Texas Hornshell Mussel Species Placed on the Endangered List

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The U.S. Fish and Wildlife Service (FWS) identified last week that a freshwater mussel species, the Texas hornshell, which was at one time found in and around the Rio Grande drainage basin has now been put on America’s endangered species listing. According to a report by local news outlets, a representative for the Center for Biological Diversity identified that by doing this, the U.S. Fish and Wildlife Service have, in effect, given the mussel a better chance of survival within the mussel’s current habitat.

There are presently only five known Texas hornshell populations left in the U.S. and with this listing, it will have legal protections not otherwise provided, which should assist the species in avoiding extinction. The Texas hornshell can yet be found in the Devil’s and Peco’s rivers, the Lower Rio Grande, and the Black River in New Mexico. The move by the U.S. Fish and Wildlife Service has drawn praise from environmentalists and citizens alike while drawing scorn from other factions.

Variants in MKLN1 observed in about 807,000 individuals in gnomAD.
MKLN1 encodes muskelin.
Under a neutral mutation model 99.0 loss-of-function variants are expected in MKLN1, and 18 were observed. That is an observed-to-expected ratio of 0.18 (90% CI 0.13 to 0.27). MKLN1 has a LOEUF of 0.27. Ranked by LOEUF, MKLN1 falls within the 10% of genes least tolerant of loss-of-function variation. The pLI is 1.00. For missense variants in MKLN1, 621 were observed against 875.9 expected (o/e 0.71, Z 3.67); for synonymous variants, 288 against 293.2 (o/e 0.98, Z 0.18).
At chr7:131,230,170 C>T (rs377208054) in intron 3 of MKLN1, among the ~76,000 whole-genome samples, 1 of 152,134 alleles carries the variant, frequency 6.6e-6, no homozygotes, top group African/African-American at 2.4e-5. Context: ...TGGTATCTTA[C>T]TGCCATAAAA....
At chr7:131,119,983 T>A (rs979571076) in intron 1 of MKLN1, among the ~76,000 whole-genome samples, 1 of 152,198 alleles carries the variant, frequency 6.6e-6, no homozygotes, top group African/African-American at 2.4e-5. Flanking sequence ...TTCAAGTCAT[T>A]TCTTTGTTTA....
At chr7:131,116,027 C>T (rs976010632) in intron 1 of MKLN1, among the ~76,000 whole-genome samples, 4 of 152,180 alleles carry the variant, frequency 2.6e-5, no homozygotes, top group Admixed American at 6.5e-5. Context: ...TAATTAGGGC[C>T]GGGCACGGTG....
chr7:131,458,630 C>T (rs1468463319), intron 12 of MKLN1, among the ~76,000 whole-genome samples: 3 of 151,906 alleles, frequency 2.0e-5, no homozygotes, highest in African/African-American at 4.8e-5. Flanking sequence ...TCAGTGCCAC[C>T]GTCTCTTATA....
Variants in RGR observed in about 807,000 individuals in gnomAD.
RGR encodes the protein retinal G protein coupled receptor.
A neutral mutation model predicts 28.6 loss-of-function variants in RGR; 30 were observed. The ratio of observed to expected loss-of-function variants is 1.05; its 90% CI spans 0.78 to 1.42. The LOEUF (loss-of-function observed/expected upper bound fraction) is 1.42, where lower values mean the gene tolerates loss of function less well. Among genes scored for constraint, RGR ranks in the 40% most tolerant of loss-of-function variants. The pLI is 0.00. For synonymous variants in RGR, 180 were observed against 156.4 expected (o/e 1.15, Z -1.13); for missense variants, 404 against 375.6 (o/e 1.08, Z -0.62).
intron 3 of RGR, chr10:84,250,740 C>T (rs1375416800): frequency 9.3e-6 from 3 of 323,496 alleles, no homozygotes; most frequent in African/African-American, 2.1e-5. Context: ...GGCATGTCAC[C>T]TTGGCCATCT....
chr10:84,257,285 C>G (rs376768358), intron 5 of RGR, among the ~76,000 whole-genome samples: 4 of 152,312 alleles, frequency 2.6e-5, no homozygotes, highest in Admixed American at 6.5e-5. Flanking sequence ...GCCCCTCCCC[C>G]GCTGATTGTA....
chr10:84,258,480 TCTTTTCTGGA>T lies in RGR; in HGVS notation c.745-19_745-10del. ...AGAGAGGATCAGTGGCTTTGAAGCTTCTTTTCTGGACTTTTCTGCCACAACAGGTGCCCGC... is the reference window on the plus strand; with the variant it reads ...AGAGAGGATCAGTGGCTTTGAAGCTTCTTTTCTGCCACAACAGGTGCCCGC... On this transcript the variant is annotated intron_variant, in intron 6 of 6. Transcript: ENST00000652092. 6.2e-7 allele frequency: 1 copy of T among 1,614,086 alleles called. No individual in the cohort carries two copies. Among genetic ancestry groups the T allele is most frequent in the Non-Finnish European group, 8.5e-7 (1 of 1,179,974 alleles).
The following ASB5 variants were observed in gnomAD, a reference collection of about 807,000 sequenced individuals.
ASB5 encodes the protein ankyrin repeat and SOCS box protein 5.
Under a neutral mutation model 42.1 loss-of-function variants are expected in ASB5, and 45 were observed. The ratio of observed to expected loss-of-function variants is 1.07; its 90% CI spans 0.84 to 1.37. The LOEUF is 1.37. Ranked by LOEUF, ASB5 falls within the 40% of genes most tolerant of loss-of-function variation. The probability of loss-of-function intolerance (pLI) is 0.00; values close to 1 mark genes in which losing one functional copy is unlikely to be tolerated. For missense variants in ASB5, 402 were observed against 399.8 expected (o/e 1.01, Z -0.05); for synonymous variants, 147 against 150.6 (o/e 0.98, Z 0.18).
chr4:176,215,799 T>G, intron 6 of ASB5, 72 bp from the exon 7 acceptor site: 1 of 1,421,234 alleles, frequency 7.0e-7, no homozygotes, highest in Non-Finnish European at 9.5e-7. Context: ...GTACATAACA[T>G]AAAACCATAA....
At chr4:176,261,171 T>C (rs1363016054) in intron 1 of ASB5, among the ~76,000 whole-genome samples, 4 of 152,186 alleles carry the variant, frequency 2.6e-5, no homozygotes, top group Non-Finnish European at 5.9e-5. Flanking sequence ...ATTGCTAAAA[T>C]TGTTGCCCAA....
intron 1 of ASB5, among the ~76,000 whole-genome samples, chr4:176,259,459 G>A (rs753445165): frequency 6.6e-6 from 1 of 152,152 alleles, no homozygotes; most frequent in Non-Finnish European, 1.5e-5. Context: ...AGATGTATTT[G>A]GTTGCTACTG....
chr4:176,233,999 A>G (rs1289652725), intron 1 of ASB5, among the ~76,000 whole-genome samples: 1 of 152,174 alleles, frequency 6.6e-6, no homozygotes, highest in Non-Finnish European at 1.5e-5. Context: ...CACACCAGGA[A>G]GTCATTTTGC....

Texas Hornshell Mussel Species Placed on the Endangered List

Photo: Flickr/Joel Deluxe

According to the FWS, a species is placed on the list when it is found to be threatened or endangered due to “…the present or threatened destruction, modification, or curtailment of its habitat or range; overutilization for commercial, recreational, scientific, or educational purposes; disease or predation; the inadequacy of existing regulatory mechanisms; or other natural or manmade factors affecting its survival.”